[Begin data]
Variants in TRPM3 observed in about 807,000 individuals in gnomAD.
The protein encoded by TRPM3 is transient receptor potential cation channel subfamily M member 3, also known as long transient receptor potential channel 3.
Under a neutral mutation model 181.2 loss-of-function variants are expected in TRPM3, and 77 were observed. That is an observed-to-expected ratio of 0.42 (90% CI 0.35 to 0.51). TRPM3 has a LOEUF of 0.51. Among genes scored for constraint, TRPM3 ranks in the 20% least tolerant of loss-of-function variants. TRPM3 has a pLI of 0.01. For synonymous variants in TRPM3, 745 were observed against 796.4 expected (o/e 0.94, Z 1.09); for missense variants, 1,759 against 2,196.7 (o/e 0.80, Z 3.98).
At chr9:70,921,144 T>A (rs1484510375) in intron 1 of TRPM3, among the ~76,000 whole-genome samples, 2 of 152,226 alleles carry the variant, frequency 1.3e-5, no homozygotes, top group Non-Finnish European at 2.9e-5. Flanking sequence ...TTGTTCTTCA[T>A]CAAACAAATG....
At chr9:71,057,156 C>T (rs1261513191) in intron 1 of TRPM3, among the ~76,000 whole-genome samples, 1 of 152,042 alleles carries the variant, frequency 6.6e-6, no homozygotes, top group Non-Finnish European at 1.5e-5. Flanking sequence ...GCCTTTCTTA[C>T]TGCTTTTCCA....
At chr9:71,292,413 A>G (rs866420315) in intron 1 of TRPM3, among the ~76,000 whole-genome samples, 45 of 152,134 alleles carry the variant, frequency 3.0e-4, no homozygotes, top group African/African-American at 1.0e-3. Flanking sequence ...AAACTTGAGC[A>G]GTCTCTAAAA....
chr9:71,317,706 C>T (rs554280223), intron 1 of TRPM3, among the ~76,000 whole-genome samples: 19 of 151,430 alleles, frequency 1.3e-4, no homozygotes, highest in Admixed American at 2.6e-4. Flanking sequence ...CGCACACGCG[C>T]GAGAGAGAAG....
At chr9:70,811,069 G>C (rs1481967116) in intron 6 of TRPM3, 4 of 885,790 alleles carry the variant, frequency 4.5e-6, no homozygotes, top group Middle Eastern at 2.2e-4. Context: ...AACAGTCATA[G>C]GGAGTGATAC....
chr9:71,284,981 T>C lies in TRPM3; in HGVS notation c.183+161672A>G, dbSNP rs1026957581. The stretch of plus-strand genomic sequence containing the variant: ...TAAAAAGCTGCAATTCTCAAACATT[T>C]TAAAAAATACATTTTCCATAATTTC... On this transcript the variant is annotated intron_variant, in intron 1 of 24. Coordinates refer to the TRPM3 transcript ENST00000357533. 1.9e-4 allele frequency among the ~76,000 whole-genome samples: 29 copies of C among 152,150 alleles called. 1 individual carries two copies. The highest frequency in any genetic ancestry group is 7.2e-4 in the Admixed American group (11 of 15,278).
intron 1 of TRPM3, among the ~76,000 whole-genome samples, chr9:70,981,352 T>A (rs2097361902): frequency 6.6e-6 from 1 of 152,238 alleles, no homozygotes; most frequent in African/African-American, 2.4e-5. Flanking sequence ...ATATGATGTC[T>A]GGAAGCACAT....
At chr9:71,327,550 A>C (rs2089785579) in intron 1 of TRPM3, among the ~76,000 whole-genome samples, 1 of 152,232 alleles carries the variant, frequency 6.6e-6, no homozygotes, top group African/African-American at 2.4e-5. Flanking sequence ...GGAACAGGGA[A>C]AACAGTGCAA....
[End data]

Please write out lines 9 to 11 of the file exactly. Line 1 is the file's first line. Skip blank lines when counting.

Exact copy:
chr9:71,284,981 T>C lies in TRPM3; in HGVS notation c.183+161672A>G, dbSNP rs1026957581. The stretch of plus-strand genomic sequence containing the variant: ...TAAAAAGCTGCAATTCTCAAACATT[T>C]TAAAAAATACATTTTCCATAATTTC... On this transcript the variant is annotated intron_variant, in intron 1 of 24. Coordinates refer to the TRPM3 transcript ENST00000357533. 1.9e-4 allele frequency among the ~76,000 whole-genome samples: 29 copies of C among 152,150 alleles called. 1 individual carries two copies. The highest frequency in any genetic ancestry group is 7.2e-4 in the Admixed American group (11 of 15,278).
intron 1 of TRPM3, among the ~76,000 whole-genome samples, chr9:70,981,352 T>A (rs2097361902): frequency 6.6e-6 from 1 of 152,238 alleles, no homozygotes; most frequent in African/African-American, 2.4e-5. Flanking sequence ...ATATGATGTC[T>A]GGAAGCACAT....
At chr9:71,327,550 A>C (rs2089785579) in intron 1 of TRPM3, among the ~76,000 whole-genome samples, 1 of 152,232 alleles carries the variant, frequency 6.6e-6, no homozygotes, top group African/African-American at 2.4e-5. Flanking sequence ...GGAACAGGGA[A>C]AACAGTGCAA....